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Rusty-patched bumble bee listed as endangered, neonic pesticides pose ‘particular threat’, says USFWS

| | January 12, 2017

The rusty patched bumble bee … was listed on [Jan. 10] as an endangered species, becoming the first wild bee in the continental United States to gain such federal protection.

One of several species facing sharp declines, the bumble bee known to scientists as Bombus affinis has plunged nearly 90 percent in abundance and distribution since the late 1990s, according to the US Fish and Wildlife Service.

The agency listed the insect after determining it to be in danger of extinction across all or portions of its range, attributing its decline to a mix of factors, including disease, pesticides, climate change and habitat loss.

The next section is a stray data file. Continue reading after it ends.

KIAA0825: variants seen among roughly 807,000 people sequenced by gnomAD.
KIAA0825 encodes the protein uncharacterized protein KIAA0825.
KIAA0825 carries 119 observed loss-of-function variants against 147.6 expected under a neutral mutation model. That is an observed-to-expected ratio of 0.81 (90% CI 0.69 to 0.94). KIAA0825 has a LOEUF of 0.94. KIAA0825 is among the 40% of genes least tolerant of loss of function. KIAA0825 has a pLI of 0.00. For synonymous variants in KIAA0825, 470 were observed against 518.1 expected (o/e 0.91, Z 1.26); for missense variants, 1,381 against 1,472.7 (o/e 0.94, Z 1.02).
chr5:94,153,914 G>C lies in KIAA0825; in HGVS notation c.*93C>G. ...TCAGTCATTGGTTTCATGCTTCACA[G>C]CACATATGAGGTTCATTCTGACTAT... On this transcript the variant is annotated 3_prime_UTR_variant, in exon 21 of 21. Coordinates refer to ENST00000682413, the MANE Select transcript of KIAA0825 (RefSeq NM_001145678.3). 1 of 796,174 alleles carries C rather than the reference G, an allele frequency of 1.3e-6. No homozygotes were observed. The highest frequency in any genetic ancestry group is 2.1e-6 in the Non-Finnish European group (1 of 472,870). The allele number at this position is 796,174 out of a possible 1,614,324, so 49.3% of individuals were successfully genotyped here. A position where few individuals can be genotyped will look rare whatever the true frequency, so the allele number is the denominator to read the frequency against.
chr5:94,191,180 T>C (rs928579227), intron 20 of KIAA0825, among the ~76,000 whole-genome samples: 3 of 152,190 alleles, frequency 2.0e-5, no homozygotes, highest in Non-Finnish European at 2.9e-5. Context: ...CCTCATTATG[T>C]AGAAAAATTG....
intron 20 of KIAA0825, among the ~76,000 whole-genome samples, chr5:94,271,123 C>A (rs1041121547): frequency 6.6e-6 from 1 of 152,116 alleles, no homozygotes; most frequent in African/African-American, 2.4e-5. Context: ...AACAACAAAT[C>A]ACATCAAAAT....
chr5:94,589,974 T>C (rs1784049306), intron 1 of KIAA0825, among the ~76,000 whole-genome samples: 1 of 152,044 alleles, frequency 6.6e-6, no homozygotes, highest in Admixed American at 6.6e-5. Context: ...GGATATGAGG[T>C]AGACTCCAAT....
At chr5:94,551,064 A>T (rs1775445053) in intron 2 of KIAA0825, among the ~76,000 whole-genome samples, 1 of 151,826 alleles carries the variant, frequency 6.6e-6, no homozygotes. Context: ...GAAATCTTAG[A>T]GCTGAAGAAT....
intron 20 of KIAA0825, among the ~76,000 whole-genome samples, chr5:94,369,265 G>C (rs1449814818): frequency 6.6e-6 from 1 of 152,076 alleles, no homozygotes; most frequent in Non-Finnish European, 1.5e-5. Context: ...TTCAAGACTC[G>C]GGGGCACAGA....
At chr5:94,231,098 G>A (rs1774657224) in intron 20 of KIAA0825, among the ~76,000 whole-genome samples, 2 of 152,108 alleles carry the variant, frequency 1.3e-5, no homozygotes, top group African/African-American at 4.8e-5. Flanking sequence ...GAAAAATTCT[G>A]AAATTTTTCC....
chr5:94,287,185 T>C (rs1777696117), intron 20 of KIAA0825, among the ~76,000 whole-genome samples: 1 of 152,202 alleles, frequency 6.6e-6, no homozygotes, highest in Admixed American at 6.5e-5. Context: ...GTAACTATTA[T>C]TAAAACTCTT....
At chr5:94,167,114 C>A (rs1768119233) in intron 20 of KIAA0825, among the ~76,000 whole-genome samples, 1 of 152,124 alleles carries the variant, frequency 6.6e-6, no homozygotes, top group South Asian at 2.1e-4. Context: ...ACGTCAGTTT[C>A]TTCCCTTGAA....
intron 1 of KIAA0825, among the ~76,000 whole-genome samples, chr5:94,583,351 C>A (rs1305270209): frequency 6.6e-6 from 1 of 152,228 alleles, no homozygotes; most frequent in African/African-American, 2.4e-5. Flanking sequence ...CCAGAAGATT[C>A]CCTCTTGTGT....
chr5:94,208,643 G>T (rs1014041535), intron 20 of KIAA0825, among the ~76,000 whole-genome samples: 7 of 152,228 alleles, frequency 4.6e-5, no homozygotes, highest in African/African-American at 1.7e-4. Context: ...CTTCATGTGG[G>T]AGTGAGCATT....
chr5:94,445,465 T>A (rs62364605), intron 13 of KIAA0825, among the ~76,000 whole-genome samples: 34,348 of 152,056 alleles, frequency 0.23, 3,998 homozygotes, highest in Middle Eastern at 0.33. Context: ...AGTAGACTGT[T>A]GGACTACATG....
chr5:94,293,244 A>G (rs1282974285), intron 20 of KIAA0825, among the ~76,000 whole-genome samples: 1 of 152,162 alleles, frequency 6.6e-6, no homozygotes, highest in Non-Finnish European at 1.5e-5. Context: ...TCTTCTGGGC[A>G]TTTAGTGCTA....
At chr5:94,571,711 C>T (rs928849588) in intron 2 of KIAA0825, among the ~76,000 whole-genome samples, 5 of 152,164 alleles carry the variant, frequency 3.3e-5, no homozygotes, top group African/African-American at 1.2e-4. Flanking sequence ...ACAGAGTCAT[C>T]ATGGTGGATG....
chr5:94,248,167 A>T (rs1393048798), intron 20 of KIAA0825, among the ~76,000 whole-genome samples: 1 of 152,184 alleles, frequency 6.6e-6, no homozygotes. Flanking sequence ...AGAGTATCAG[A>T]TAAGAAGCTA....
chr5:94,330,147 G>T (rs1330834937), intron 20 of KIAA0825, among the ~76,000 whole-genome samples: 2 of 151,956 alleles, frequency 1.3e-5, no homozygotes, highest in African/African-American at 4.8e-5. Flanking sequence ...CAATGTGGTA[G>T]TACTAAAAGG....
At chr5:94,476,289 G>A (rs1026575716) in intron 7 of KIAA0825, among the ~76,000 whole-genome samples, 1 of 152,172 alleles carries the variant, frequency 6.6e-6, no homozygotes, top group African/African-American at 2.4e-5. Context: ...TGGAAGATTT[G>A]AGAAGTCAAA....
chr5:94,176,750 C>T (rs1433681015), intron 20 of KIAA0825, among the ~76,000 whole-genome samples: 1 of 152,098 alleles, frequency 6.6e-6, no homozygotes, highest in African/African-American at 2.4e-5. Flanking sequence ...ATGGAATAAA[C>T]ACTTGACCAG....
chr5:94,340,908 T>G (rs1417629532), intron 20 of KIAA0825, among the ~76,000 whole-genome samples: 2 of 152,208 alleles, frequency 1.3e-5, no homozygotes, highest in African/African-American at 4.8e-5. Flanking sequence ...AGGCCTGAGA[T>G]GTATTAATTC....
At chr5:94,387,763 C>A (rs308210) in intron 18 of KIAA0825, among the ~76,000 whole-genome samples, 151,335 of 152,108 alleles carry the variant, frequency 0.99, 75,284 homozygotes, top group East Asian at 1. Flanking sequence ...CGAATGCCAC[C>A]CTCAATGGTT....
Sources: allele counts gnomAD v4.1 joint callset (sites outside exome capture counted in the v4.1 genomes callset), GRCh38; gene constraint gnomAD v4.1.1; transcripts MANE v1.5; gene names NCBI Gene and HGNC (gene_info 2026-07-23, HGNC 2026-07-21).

. . . .

Government scientists point to a certain class of pesticides called neonicotinoids — widely used on crops, lawns, gardens and forests — as posing a particular threat to bees because they are absorbed into a plant’s entire system, including leaf tissue, nectar and pollen.

Related article:  Organic vs. conventional farming: Which has lower environmental impact?

Bumble bee populations may be especially vulnerable to pesticides applied early in the year because for one month an entire colony depends on the success of a solitary queen that emerges from winter dormancy, the wildlife service said.

The GLP aggregated and excerpted this blog/article to reflect the diversity of news, opinion and analysis. Read full, original post: U.S. lists first bumble bee species as endangered

The GLP aggregated and excerpted this article to reflect the diversity of news, opinion, and analysis. Click the link above to read the full, original article.
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